HIST 1493: 010-020: U.S., 1865-Present (S 2016)
[email protected]
Professor: David Wrobel
Office: DHT 419, (PH: 405-325-6024)
Hours: M/W 2-4PM, or by appt.
Section Instructor
Stephen Barnett
Chelsea Ball
Zach Cooper
James Dupree
Derek Donwerth
011 (W/11:30), 012 (W/12:30)
013 (W/1:30), 014 (W/2:30)
015 (R/3:00), 019 (F/11:30)
016 (R/2:30), 020 (F/11:30)
017 (F/8:30), 018 (F/9:30)
Class Location: GLCH 123
Class Time: M/W 9:30-10:20
Credit Hours: 3; no pre-req
E mail
[email protected]
[email protected]
[email protected]
[email protected]
[email protected]
Course Overview: HIST 1493 covers political, economic, social and cultural
developments in the U.S. from 1865 to present. We will examine Reconstruction, the
Gilded Age and Progressive eras, World War I, the twenties, Great Depression/New
Deal, World War II, Cold War, the fifties and sixties, Civil Rights, Vietnam War, the
Reagan years, post-Cold-War and Post-9/11 America, and mass incarceration. Course
lectures and readings emphasize the impact of ideas and beliefs, such as conservatism,
liberalism, radicalism, race, religion and regionalism, on human action. The past and
present are compared and contrasted throughout the course.
Course Objectives: A fuller appreciation of the last 150 years of US history will make
you a more informed citizen, better able to understand the interconnectedness of events in
the present and past to see how your life and world relate to previous generations. The
course is also designed to help develop research, writing, and critical thinking skills.
Required Books: 1. Tim O’Brien, The Things They Carried (NY: Mariner Books, 2009).
2. David Reynolds, America, Empire of Liberty: A New History of the
United States (New York: Basic Books, 2009).
Required pdf Readings: available on the D2L site and at explorehistory.ou.edu
A Note on the Readings: America, Empire of Liberty is a fast paced, informative, and
affordable account of the nation’s history. Tim O’Brien’s The Things They Carried is a
collection of stories (some true!) about the author’s experience in the Vietnam War.
Discussions of the book are in Weeks 13 and 14; you will write an essay on The Things…
as part of the final exam (May 5). In addition, in some weeks you are required to read a
secondary work or two paired with primary source documents. All of these readings are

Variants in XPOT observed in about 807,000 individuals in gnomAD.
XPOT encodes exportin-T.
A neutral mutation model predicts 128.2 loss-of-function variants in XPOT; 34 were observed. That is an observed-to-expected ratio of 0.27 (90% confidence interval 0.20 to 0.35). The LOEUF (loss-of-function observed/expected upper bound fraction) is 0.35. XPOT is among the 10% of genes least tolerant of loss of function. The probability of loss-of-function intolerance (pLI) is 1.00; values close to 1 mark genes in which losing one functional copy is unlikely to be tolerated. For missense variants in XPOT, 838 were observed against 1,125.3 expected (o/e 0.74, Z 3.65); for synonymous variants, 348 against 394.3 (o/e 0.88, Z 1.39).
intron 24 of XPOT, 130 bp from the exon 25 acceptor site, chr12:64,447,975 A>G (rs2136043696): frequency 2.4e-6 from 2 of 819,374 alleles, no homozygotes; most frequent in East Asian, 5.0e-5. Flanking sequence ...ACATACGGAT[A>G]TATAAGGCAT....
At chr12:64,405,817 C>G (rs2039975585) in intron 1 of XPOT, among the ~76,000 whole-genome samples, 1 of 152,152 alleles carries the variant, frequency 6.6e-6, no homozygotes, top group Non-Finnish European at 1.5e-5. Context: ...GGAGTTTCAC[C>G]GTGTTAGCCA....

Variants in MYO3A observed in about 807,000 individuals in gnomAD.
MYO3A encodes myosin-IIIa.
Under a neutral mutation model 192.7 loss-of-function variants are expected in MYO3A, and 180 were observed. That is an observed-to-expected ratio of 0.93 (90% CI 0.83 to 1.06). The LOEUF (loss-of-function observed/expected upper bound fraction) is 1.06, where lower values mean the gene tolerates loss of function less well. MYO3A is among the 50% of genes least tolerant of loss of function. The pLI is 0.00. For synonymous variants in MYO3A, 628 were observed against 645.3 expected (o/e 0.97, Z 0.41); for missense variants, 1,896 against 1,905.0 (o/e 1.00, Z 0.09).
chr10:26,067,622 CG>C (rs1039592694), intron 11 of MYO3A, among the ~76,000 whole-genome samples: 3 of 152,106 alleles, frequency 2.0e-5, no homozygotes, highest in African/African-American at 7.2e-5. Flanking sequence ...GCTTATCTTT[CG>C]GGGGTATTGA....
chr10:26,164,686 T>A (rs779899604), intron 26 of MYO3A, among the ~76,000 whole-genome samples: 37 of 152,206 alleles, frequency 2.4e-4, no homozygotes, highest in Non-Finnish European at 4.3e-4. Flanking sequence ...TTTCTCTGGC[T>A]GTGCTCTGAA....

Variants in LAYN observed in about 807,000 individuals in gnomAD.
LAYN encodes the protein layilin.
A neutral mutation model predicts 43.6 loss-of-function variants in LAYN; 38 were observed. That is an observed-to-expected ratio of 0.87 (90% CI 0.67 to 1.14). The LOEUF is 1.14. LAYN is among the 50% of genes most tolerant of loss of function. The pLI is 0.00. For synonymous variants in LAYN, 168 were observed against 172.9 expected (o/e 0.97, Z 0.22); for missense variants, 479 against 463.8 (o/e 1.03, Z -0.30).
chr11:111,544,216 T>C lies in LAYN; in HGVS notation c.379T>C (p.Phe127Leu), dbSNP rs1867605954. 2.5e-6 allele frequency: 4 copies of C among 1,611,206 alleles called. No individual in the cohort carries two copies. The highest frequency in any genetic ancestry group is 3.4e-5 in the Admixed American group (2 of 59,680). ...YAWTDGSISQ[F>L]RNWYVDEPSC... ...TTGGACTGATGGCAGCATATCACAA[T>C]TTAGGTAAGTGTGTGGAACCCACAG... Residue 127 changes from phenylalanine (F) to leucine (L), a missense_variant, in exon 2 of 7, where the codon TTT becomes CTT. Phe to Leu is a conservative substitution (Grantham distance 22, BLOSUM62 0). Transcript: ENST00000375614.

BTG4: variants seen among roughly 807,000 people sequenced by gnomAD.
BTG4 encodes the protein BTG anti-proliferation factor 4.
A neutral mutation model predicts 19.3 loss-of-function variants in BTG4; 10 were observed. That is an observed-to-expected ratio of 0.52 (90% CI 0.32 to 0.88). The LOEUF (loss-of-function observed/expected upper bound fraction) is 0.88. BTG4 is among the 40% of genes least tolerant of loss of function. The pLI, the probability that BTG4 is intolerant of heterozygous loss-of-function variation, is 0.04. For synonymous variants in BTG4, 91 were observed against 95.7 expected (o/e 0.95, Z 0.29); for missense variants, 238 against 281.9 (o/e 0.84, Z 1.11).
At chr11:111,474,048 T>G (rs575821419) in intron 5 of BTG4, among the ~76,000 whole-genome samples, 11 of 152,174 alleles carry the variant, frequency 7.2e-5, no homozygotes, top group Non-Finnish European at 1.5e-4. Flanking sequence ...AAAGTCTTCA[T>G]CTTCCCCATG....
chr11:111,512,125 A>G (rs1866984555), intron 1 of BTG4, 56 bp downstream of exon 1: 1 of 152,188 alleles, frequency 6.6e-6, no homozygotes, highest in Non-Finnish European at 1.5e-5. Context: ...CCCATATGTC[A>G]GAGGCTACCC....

provided as pdfs on D2L and are on the explorehistory.ou.edu; they will serve as possible
starting points for your research essay (paper 2).
Effective Reading: Read the assigned materials actively, not passively—take notes. If
you do not understand a particular point then ask in class lecture or discussion section.
You will find it extremely helpful to write a brief summary and analysis of every reading.
Requirements & Grading:
1st midterm, in-class (50 minutes):
2nd midterm, in-class (50 minutes):
Final exam: in-class (two hours):
Paper 1: Primary Sources (1,000 words)
Paper 2: Research Essay (2,000 words):
1000 Points Total
15% (150 points)
15% (150 points)
20% (200 points)
10% (100 points)
25% (250 points)
15% (150 points)
The +/- grading system will be used for all assignments (not for final grades); the scale is:
Exams: Each exam covers a third of the course content. The exams are not intended
primarily as tests of your memorization skills, but as measures of your understanding of
and engagement with the material. The exams are tied closely to readings, lectures, and
discussions. It is essential that you attend class, take good notes and regularly review and
rewrite them, read the assigned materials carefully, and participate in discussions. These
steps will help prepare you for exams. Make-up exams will be given only in rare
circumstances and only if you have a genuine, verifiable, and important excuse.
The 1st and 2nd midterms: 50-minute in-class exams, 150 points: two parts: A) 2 Triads:
50 points each (100 total). B) 25 multiple-choice questions: 2 points each (50 total).
The 2-hour non-comprehensive final, 200 points: three parts: A) 2 Triads: 50 points each
(100 total). B) 25 multiple choice: 2 points each (50 total). C) 1 Essay (50 points).
Study guides for each exam will be available on D2L a full two weeks prior to the date.
Extra Credit: A range of extra credit opportunities will be offered this semester. You
may complete up to five assignments, each worth up to 10 points (a total of 50 points).
Attendance: is required. Absences will lower your grade because: